The proposal from County Attorney Reuben Neff to use some of the money saved by vacancies to retain people in the office makes sense to us. While details are being worked out, the basic approach and the end goal are both appropriate.
Turnover in any office costs more than just the extra work for those left in place. There’s a loss of productivity as people must spend extra time catching up on projects or responsibilities with which they weren’t previously familiar. There’s a loss of institutional memory. And for those who deal with the office, there’s a loss of familiar contacts with whom they had relationships.
When you’re talking about an area as sensitive as criminal justice, that poses a risk for those accused of crimes, the victims in those cases, and the families of both parties. There are too many people, too much at stake, for complacency. Finding new ways to approach the situation, to stem the losses and retain the people already in place, is critical.
The situation is compounded when you run into difficulties filling positions. That is becoming a theme for the county. Last year’s extended search for a new county attorney and the difficulties Neff mentioned in finding people willing to work in county attorneys’ offices generally are troubling. It suggests a systemic loss of standing, rather than problems caused by the current low unemployment.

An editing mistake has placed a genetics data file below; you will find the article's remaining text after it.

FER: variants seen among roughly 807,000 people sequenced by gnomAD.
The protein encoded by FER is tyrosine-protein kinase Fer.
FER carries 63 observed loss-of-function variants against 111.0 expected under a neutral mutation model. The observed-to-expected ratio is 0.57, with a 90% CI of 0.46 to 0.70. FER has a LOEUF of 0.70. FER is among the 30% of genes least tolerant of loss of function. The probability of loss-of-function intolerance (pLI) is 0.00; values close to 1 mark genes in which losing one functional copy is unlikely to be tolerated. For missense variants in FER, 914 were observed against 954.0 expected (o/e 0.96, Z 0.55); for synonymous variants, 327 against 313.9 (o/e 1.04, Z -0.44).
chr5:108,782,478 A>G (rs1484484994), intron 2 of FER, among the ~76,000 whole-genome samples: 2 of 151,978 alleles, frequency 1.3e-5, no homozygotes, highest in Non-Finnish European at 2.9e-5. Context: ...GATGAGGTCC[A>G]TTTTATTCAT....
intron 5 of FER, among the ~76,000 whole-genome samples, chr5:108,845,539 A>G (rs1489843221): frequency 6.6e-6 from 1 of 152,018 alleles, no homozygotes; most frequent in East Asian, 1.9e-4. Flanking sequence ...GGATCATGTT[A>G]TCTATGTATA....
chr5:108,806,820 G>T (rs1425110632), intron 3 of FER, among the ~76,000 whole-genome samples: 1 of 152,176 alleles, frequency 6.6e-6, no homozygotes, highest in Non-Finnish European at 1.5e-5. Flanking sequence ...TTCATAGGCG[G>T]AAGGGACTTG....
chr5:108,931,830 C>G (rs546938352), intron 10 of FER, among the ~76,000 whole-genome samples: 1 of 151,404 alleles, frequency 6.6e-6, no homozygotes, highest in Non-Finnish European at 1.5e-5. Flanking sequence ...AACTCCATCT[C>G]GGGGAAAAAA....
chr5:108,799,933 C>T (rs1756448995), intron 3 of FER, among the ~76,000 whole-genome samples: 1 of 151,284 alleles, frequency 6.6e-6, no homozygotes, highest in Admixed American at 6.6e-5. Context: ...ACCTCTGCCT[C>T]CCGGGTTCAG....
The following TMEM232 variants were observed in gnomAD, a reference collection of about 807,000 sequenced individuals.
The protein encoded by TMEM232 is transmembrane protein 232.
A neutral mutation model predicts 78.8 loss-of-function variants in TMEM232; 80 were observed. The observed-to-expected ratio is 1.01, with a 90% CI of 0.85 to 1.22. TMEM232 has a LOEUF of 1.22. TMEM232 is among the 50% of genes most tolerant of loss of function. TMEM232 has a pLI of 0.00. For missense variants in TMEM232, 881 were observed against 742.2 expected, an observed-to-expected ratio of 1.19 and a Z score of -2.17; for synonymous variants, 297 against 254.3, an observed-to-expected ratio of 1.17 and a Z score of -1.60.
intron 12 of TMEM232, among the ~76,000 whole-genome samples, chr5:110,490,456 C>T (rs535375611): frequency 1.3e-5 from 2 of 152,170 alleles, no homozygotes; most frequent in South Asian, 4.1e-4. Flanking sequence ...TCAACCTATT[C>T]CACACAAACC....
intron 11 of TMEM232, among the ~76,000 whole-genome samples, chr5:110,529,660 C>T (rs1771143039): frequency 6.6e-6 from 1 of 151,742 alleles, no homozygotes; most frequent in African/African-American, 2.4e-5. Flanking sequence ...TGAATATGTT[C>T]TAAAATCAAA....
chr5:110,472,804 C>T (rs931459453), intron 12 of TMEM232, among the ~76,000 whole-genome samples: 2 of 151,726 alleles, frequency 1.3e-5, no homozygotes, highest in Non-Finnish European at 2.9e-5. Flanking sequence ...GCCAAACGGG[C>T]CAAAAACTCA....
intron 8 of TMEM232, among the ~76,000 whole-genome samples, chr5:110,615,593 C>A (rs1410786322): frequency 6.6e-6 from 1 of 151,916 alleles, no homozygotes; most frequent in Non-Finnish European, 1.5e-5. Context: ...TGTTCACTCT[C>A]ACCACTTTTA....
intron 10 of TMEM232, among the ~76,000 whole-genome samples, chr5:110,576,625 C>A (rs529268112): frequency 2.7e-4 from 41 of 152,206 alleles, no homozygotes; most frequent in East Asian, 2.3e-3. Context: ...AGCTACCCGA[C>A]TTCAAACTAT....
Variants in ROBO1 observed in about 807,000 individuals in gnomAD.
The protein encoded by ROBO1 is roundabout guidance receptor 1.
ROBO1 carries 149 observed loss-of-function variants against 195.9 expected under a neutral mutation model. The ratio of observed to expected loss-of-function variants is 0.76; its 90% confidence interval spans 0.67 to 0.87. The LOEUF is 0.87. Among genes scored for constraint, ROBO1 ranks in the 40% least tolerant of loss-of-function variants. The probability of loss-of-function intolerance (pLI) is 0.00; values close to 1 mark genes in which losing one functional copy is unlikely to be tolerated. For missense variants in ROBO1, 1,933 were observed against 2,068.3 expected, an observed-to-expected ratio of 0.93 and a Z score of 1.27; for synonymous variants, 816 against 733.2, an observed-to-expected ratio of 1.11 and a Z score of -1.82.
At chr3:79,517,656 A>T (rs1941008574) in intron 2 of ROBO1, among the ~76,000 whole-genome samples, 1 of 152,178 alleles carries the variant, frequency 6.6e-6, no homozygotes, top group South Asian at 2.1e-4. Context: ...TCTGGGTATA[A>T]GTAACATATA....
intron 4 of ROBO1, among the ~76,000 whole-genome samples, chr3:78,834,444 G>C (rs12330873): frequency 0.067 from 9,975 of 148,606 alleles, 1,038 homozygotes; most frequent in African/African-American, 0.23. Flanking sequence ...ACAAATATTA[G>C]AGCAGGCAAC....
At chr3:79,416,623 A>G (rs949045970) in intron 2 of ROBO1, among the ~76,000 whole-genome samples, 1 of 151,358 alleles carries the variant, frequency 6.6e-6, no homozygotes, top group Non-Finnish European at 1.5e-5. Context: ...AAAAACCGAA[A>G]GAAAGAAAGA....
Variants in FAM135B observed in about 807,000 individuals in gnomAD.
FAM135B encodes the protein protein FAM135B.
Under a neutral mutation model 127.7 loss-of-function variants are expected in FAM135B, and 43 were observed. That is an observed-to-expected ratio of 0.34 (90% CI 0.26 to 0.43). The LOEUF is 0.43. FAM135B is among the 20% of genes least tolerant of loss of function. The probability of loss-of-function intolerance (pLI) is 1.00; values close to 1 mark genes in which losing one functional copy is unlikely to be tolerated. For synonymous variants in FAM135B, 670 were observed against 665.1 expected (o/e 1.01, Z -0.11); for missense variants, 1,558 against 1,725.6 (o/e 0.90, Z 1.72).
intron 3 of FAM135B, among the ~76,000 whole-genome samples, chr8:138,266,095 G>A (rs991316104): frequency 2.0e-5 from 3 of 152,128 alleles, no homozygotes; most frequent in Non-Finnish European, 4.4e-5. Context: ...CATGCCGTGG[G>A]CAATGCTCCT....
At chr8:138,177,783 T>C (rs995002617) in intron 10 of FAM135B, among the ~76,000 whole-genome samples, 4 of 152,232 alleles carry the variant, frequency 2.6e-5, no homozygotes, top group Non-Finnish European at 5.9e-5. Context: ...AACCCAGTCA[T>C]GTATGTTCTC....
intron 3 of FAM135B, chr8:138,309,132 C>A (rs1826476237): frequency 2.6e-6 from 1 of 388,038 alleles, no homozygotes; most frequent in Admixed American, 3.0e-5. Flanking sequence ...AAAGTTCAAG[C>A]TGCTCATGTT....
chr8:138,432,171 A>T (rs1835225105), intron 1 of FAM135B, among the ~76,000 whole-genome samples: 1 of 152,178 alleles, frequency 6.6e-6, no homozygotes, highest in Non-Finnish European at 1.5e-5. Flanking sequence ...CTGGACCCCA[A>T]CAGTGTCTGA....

There’s another factor in play, though, that needs to be addressed. Neff pointed out that many of the area counties pay more, that the candidates he is trying to recruit can make more with less work in those locations. That’s part of the reason for turnover, too, as people decide a move to another county will better reward them for their efforts.
None of these difficulties is, taken individually, is particular cause for concern. But taken together, they should raise eyebrows. The picture they paint is a genuine reason to worry for Wapello County residents.
The simple fact is that the county is behind its peers in pay, and its reputation has gone from being a thrifty county to a cheap one.
It’s one thing to hold the line on costs, and the county does well on that. It’s another to drive down the pay relative to other counties to the point it causes yourself difficulty. The former makes sense. The latter does not. For too long Wapello County has been trending toward the latter.
There are signs this has begun to change. The supervisors’ willingness to vote in favor of raises earlier this year was encouraging. It was a split vote, yes, but that’s more than the board has been willing to do in prior years.
What our leaders need to realize is we did not arrive at this point overnight and the kind of radical shifts that would eliminate the issue overnight would not be wise. What Wapello County needs is a sustained effort to raise its status relative to other counties, one that takes pay for county employees more seriously than the supervisors have in the past.
Neff deserves credit for approaching the supervisors with his ideas, and the supervisors deserve credit for being willing to take a hard look at what can be done in the near term to help.
Viewing this as a simple fix would be a mistake, though. Only a long term view and a long term effort can fulfill that requirement.